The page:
The Soupster encounters a man and beast who won’t talk with their mouth full.
Big and tall, and perpetually chewing a carpenter’s pencil, Hank Waterstone epitomized the 21st Century American fashion of very large men owning small dogs. A generation ago, men like Hank would have been no more likely to be seen with a Chihuahua-terrier mix than they would tote a floral purse.
But here they were, the 12-pound Jupiter straining against his leash and pulling the 240-lb. general contractor along Our Town’s downtown sidewalk.
Jupiter, known to yip-yip-yip quite vigorously on occasion, was silent. He had to be – stuffed in his mouth was a yellow octopus plush toy. Five of its eight tentacles hung from Jupiter’s jaws, while the dog held three of the legs and the head in his teeth.
Coming the other way, the Soupster spotted the yellow toy first and he had a wisecrack ready as he sidled up to big man and little hound.
“Jupiter’s octopus is as bright as those lime green reflective jackets the smart cyclists wear,” the Soupster said. “Is that to increase the little fella’s visibility?”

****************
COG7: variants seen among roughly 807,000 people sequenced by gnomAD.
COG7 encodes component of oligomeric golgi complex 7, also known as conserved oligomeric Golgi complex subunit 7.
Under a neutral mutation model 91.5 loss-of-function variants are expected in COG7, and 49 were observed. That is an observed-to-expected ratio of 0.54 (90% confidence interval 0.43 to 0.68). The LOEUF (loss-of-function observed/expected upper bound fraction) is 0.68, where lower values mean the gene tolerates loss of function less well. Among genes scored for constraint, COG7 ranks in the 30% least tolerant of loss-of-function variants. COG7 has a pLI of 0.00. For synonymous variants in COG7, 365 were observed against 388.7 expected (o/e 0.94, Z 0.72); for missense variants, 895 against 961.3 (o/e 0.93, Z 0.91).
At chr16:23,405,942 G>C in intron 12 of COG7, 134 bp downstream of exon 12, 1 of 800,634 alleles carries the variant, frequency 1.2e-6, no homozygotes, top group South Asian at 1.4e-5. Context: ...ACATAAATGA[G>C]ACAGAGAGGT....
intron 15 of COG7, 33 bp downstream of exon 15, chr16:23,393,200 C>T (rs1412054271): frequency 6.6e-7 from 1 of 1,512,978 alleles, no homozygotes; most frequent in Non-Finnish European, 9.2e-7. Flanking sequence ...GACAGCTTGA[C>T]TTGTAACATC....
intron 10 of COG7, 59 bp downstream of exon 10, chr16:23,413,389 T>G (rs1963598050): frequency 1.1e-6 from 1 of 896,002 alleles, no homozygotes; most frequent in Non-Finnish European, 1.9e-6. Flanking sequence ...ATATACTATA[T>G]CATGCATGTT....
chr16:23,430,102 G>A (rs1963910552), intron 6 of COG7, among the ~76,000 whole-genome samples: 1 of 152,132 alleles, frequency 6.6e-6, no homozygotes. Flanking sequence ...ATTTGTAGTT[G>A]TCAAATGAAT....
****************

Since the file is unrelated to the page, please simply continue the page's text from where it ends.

“It’s to decrease his audibility,” Hank said. He reached down and pulled the octopus out of Jupiter’s mouth. Jupiter immediately launched into his staccato yip-yip-yipping. It shocked the Soupster how loud a sound could come out of such a little dog. Hank replaced the octopus and the yipping stopped.
“An on-off switch,” Hank said tersely and chewed on his carpenter’s pencil.
Gretchen Greely walked up to the two men. “Afternoon, Gents,” she said. “Cute dog.”
Hank mutely chewed on the pencil, so the Soupster interjected, “His name is Jupiter. He has an on-off switch.”
Gretchen made a puzzled face, so the Soupster reached down and grabbed the yellow octopus from Jupiter. Yip-yip-yip, Jupiter protested. The Soupster gave the dog the toy and the yipping stopped.
“Works every time,” said the Soupster.
Jupiter started making little “grrr” noises and a big drop of drool fell to the sidewalk. Hank, chewing vigorously on his pencil, plucked Jupiter up and cradled the dog against one side of his chest.
“How are you, Hank?” Gretchen asked.
Hank said nothing, just chewing his pencil.
Gretchen lurched forward and plucked the pencil from between Hank’s lips.
“Hey,” said Hank, “what are you doing! I was chewing on that!” He followed his words with a litany of unprintables.
Despite Hank’s complaints, Gretchen addressed the Soupter. “I just wanted to see if the on-off switch worked for him, too.” She pointed to the sputtering Hank. “Evidently, it does.”
The Soupster laughed. “Like man, like dog,” he said.
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